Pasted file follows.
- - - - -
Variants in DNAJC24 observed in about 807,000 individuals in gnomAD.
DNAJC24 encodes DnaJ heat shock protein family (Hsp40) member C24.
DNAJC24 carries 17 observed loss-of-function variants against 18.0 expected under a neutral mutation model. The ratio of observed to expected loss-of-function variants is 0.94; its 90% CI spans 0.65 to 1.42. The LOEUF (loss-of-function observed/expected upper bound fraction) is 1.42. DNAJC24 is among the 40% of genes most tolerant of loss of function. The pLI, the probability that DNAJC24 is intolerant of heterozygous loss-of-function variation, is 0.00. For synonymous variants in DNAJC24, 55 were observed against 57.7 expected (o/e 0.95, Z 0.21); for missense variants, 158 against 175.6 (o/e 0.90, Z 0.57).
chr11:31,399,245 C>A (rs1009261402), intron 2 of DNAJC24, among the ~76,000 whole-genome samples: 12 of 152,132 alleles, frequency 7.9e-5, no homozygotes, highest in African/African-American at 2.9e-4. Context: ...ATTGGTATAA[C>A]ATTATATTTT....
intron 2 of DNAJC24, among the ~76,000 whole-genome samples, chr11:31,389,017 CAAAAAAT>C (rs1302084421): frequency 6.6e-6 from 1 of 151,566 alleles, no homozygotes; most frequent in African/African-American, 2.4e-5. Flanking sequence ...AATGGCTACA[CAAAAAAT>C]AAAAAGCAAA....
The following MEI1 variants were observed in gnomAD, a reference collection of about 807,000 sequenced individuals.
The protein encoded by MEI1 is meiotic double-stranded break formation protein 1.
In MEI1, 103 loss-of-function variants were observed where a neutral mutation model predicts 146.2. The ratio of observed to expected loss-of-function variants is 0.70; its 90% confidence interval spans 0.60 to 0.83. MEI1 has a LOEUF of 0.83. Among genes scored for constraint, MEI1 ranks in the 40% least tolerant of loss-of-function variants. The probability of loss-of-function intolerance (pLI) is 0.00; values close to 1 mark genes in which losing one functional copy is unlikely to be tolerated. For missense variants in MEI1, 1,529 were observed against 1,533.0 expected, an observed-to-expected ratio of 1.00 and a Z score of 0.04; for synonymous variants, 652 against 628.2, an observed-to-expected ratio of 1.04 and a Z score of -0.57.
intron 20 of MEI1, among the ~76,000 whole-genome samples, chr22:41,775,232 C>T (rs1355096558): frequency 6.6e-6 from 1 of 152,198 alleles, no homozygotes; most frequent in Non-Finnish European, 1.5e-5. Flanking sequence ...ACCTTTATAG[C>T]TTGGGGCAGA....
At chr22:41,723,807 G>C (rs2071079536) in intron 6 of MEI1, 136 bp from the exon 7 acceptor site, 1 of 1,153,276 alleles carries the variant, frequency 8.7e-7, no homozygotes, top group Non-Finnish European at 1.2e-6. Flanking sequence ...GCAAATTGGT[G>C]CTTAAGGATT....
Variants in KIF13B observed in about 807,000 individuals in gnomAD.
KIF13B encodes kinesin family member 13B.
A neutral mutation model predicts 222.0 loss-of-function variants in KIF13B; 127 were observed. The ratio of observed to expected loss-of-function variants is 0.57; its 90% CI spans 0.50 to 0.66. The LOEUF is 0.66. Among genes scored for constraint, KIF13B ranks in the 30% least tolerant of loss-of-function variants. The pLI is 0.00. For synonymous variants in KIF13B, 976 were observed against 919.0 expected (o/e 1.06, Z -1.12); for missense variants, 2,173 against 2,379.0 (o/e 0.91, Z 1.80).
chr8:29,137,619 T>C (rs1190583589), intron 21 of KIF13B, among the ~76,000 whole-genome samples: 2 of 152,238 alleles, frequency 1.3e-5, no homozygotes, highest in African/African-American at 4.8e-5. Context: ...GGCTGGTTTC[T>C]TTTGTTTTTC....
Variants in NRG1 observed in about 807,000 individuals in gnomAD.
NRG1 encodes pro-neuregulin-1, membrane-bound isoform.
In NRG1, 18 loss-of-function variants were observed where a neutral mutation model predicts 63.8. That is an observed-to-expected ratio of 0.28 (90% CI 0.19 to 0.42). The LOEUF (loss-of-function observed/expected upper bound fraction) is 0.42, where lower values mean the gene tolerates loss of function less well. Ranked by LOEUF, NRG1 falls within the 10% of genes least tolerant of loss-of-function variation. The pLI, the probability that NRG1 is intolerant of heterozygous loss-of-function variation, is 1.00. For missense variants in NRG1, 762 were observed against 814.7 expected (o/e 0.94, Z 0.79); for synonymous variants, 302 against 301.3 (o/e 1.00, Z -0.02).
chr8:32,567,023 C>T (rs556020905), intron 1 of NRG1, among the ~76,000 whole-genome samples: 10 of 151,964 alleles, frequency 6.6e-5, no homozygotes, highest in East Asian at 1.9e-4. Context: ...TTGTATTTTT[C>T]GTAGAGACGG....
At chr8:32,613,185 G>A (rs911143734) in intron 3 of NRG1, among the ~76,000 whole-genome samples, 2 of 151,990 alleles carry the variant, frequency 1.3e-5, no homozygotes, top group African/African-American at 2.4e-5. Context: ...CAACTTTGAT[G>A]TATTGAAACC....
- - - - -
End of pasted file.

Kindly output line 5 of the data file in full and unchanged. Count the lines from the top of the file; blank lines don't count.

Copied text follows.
intron 2 of DNAJC24, among the ~76,000 whole-genome samples, chr11:31,389,017 CAAAAAAT>C (rs1302084421): frequency 6.6e-6 from 1 of 151,566 alleles, no homozygotes; most frequent in African/African-American, 2.4e-5. Flanking sequence ...AATGGCTACA[CAAAAAAT>C]AAAAAGCAAA....